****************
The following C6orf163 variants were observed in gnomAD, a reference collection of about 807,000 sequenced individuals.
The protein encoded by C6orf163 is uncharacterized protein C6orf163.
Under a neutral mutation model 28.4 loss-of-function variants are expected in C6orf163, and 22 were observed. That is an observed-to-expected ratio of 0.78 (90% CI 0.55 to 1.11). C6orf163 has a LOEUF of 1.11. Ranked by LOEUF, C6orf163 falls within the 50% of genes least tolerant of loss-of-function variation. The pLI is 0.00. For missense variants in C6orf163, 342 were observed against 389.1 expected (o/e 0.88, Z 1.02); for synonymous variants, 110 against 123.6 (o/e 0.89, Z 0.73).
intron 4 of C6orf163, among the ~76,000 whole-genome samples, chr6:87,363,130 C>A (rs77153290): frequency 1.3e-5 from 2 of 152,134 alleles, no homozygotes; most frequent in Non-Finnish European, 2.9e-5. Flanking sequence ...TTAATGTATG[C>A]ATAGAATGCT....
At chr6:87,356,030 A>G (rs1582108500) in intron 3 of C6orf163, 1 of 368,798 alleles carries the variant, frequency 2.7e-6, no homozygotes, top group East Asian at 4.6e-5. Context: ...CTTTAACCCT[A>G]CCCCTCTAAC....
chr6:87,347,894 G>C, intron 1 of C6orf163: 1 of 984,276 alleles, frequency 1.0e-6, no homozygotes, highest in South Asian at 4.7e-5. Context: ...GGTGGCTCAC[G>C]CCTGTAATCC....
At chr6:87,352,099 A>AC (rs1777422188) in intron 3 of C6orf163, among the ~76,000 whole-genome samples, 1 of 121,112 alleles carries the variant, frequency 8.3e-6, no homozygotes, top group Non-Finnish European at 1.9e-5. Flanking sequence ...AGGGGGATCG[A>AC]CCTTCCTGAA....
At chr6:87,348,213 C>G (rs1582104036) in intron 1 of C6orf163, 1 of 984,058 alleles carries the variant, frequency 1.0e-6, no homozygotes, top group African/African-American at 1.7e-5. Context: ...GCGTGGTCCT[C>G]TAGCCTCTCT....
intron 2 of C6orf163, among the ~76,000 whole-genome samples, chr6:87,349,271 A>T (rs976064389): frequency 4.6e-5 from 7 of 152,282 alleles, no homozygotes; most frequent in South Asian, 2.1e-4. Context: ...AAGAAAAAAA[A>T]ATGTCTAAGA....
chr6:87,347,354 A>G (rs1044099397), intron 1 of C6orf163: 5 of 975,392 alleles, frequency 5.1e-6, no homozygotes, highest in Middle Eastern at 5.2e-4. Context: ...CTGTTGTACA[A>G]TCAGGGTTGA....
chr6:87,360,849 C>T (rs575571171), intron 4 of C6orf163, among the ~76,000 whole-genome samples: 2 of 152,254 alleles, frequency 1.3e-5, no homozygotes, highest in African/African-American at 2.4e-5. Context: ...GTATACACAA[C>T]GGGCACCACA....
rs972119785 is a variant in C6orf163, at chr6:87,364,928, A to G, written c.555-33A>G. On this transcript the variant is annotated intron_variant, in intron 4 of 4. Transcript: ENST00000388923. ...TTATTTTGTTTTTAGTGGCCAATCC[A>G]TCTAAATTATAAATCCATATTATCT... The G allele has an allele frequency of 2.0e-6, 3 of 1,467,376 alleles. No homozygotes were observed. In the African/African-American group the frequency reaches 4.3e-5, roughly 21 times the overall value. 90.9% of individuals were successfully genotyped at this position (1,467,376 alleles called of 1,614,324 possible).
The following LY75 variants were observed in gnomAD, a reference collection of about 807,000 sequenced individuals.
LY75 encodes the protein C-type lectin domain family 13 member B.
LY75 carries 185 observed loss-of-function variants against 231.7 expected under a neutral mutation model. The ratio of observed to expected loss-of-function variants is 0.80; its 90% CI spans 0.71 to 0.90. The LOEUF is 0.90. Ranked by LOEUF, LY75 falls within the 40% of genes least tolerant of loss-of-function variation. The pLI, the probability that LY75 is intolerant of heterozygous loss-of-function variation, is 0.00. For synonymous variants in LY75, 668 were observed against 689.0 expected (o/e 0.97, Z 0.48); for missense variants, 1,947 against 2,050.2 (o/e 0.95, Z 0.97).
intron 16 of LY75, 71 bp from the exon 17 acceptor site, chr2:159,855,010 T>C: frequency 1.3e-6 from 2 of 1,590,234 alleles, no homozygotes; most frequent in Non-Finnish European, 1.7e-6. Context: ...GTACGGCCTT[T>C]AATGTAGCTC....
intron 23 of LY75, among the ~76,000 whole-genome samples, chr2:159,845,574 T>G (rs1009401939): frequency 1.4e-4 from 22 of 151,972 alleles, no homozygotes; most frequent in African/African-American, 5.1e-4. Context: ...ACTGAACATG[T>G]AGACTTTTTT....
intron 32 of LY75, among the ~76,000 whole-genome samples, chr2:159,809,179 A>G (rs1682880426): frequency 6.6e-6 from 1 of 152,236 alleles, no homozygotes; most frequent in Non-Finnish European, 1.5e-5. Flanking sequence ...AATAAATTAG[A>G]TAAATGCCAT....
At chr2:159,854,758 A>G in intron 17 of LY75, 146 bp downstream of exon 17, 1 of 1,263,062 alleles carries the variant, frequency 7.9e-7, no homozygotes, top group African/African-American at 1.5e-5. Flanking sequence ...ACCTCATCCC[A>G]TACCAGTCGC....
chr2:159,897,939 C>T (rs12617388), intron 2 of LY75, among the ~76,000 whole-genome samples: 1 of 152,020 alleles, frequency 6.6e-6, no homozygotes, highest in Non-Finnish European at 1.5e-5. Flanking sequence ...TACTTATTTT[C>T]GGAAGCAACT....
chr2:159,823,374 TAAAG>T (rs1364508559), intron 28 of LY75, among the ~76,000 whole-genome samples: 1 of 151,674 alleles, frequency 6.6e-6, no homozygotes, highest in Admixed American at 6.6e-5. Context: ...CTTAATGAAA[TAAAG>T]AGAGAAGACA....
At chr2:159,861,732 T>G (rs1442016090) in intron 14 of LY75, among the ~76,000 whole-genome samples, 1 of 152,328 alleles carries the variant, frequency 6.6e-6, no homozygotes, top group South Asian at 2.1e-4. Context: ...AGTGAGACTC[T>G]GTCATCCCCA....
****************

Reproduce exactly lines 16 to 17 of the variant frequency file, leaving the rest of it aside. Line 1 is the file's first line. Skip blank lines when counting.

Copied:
intron 16 of LY75, 71 bp from the exon 17 acceptor site, chr2:159,855,010 T>C: frequency 1.3e-6 from 2 of 1,590,234 alleles, no homozygotes; most frequent in Non-Finnish European, 1.7e-6. Context: ...GTACGGCCTT[T>C]AATGTAGCTC....
intron 23 of LY75, among the ~76,000 whole-genome samples, chr2:159,845,574 T>G (rs1009401939): frequency 1.4e-4 from 22 of 151,972 alleles, no homozygotes; most frequent in African/African-American, 5.1e-4. Context: ...ACTGAACATG[T>G]AGACTTTTTT....